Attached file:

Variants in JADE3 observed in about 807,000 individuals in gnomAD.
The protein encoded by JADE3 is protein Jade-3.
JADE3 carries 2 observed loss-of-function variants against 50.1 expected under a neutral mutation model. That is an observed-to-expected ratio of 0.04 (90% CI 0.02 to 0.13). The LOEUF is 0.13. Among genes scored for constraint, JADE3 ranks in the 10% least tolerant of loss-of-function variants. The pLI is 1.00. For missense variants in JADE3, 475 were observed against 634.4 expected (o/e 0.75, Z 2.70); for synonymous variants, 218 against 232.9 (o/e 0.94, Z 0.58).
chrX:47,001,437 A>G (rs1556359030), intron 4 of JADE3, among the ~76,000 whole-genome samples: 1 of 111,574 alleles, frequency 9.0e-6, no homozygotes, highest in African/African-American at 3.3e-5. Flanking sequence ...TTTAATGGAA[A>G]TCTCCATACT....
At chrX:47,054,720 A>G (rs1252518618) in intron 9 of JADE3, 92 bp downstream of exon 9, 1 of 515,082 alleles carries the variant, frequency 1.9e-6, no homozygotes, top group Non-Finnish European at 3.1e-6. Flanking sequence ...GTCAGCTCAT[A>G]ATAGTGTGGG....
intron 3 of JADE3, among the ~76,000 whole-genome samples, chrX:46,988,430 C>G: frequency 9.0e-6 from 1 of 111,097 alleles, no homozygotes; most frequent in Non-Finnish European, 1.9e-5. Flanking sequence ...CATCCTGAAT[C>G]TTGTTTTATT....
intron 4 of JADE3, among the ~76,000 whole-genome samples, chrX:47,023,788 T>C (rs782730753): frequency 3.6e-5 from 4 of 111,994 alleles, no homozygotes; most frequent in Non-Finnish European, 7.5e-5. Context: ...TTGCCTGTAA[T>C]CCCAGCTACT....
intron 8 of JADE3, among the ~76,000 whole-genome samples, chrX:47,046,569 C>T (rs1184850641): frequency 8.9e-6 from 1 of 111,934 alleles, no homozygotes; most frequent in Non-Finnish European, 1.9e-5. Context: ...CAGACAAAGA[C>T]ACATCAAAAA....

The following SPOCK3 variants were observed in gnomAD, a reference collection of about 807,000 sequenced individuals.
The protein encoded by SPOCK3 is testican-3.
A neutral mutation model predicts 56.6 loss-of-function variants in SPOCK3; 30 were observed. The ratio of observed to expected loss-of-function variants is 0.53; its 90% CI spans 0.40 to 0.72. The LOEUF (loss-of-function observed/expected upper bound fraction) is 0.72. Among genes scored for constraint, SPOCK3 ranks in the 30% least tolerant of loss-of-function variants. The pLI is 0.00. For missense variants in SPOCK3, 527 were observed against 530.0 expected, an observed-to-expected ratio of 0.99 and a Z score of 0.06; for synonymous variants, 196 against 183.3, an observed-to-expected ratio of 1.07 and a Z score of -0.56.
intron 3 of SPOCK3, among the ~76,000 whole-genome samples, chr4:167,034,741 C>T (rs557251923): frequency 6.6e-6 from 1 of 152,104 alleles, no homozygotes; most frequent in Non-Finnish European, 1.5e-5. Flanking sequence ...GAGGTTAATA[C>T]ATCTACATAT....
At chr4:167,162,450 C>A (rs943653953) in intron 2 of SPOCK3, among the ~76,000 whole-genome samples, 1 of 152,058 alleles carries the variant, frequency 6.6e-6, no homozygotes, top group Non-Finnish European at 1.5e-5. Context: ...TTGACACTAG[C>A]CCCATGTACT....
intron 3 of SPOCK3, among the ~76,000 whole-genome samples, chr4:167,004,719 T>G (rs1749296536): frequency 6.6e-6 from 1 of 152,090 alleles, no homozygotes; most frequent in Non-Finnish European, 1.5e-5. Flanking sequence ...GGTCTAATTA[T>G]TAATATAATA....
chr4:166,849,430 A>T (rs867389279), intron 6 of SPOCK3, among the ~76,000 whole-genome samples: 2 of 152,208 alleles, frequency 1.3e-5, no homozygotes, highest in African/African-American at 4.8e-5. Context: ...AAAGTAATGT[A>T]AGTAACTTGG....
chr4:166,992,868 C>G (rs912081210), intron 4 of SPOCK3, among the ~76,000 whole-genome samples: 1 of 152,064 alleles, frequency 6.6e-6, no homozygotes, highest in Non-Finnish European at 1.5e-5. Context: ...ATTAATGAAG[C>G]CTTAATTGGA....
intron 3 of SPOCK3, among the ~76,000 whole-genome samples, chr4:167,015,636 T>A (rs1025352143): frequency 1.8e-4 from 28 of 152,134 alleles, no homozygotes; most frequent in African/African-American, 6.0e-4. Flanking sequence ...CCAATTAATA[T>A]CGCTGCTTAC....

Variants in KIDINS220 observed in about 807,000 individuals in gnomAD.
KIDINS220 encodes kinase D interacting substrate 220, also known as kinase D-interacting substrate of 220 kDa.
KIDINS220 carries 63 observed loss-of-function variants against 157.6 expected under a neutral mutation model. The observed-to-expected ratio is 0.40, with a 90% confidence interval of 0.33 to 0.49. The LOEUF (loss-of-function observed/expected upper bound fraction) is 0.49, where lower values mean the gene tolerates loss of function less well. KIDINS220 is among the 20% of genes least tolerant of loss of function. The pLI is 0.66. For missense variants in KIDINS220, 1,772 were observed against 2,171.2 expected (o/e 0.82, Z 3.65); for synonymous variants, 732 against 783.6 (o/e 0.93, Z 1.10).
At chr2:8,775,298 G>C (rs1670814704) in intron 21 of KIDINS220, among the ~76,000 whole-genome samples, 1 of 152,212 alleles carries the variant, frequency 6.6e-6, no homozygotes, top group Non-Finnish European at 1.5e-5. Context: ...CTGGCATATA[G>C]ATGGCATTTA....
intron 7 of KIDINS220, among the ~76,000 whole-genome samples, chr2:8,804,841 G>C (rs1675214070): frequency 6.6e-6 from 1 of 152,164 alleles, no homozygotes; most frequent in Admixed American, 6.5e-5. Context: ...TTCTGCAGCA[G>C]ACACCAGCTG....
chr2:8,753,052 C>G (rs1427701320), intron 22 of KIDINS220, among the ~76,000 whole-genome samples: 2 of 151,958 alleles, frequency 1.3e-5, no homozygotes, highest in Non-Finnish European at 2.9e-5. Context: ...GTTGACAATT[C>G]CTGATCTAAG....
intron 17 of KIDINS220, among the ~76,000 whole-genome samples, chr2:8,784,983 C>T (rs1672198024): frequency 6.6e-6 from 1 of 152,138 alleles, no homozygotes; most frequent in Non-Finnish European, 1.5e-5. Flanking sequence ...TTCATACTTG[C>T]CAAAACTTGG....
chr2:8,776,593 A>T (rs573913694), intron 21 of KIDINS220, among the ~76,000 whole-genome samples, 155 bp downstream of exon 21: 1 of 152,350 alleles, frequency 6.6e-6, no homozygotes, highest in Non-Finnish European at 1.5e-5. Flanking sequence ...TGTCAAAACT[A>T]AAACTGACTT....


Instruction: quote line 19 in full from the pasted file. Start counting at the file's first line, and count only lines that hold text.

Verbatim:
KIDINS220 encodes kinase D interacting substrate 220, also known as kinase D-interacting substrate of 220 kDa.